Vaccines for predicted influenza strains may provide wide protection [PreClinical]

1. Following infection with one influenza strain, antibodies produced in unvaccinated patients were effective against the strain as well as for a broad range of related strains previously in circulation.

2. Vaccination based on a predicted future strain resulted in robust antibody responses against the advanced strain and current strains.

Evidence Rating Level: 2 (Good)

Study Rundown: The influenza virus rapidly adapts its antigens, or antibody-generating molecules, to avoid recognition by the immune system. A vaccine mismatch can occur because vaccines are designed to work against strains circulating 10 to 14 months before the influenza season, and virus evolution can result in new strains within that time period. In this study, patient antibody responses were measured for influenza strains spanning 43 years of virus evolution to determine the effect of prior immunity on infection and vaccination response. The researchers found that for unvaccinated patients, infection with the H3N2 virus led to a “back-boost” of broad antibody response that provided protection against strains from previous decades. The study then compared antibody response for two vaccines, one that was antigenically similar to circulating strains and one that was targeted to a potential future strain. The back-boost observed following the advanced vaccine was protective for the older circulation strains targeted with the first vaccine.

This was the first study to quantitatively evaluate antibody response across the antigenic evolution of influenza strains. Because the study was limited to retrospectively analyzing patient antibody samples, a prospective trial will be needed to determine the efficacy of the proposed vaccine strategy. The study provided evidence to support such a trial, and demonstrated the potential of using an antigenically advanced vaccine to protect against current and future strains. This technique of vaccinating based on predicted future strains could help avoid the mismatch problem that can arise with current vaccines.

Click to read the study in Science

Relevant Reading: Neutralizing antibodies against previously encountered influenza virus strains increase over time: a longitudinal analysis

In-Depth [animal study]: The antigenic relationships between 81 influenza viruses were measured using hemagglutination inhibition (HI) assays against ferret sera. After each ferret was infected with a specific strain, serum was tested for antibody inhibition of agglutination between virus and red blood cells. The HI assay was also used to measure the antibody response of patient sera to each strain. Results from HI assays on patient samples were plotted against antigenic distance between strains in order to generate a comprehensive antibody response map, or landscape, for each patient. Antibody landscapes varied among patients (r = 0.28), but remained stable for each individual patient across the sampling time range of 2007 to 2012 (r = 0.86).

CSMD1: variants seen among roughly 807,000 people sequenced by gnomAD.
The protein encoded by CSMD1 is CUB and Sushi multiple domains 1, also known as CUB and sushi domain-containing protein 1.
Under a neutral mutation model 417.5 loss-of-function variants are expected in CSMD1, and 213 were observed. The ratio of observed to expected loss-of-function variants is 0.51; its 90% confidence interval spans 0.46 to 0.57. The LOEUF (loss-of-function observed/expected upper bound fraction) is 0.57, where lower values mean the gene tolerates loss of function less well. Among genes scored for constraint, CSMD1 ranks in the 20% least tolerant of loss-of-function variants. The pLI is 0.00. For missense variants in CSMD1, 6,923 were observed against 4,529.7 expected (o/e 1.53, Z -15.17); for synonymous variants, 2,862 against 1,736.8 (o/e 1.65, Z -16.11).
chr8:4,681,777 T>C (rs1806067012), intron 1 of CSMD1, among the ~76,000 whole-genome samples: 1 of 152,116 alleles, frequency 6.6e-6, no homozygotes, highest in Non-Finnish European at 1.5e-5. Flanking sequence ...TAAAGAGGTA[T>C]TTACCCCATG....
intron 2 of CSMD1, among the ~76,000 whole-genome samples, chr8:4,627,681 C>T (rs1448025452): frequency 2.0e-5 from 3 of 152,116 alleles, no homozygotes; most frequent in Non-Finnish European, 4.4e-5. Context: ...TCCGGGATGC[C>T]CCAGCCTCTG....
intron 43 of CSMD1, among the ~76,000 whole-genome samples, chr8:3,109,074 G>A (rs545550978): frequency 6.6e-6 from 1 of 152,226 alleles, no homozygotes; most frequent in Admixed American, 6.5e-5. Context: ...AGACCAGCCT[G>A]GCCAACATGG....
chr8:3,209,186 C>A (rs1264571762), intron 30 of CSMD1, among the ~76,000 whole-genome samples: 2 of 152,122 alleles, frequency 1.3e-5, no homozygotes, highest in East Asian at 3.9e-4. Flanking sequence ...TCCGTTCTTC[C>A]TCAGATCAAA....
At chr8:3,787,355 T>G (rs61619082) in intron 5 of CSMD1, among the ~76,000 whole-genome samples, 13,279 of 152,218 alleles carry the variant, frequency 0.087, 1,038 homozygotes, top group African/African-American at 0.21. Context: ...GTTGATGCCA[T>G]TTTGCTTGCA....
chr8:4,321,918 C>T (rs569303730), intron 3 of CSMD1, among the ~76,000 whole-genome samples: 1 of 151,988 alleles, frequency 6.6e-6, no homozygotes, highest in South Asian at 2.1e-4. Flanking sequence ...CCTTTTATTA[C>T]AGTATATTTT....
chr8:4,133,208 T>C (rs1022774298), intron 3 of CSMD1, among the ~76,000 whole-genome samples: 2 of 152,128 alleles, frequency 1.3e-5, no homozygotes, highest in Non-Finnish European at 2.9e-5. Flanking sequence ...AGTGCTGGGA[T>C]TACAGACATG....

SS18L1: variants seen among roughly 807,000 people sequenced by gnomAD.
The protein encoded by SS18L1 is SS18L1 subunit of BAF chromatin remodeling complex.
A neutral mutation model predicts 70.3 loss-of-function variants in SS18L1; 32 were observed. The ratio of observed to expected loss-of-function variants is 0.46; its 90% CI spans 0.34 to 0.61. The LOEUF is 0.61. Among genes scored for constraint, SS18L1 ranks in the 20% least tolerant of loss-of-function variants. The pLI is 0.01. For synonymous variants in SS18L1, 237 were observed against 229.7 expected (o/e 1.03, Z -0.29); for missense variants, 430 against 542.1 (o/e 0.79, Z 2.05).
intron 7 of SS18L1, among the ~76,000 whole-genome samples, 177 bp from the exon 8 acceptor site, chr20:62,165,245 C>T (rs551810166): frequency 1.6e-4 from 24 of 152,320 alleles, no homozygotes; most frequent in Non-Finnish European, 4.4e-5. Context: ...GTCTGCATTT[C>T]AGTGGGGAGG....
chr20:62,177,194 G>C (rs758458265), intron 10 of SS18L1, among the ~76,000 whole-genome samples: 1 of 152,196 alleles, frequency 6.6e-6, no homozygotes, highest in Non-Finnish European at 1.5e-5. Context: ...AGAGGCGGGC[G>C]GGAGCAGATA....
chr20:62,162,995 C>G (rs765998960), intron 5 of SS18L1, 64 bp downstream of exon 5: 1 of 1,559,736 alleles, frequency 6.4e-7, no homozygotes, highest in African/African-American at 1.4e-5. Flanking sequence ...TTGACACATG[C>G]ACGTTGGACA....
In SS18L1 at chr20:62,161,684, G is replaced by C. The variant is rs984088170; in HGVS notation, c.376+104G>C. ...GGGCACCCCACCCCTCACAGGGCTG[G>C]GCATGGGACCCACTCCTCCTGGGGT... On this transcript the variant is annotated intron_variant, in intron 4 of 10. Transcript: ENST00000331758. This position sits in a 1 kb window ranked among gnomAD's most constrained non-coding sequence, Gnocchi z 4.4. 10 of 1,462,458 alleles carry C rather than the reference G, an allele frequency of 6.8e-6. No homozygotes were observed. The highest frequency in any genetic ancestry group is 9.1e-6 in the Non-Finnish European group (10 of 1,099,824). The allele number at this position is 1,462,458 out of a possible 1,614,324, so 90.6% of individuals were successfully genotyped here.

Sera from 69 unvaccinated patients were analyzed to determine the effect of infection on antibody response. Infection with H3N2 resulted in back boost protection against a wide range of earlier-evolved viruses, including a 1968 cluster of no longer circulating strains. This range represented 13 major antigen cluster evolutions and 20 vaccine updates. In a separate analysis, sera from a total of 225 patients who were vaccinated before an antigenic cluster transition were analyzed. 102 patients comprised the first group and received a vaccine based on circulating strains. 123 patients in the second group received an antigenically advanced vaccine based on the predicted new cluster. Pre- and post-vaccination antibody landscapes were similar for the two groups. Notably, sera from the second group showed back boost protection for the strains before the antigenic cluster transition.

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Image: PD/CDC

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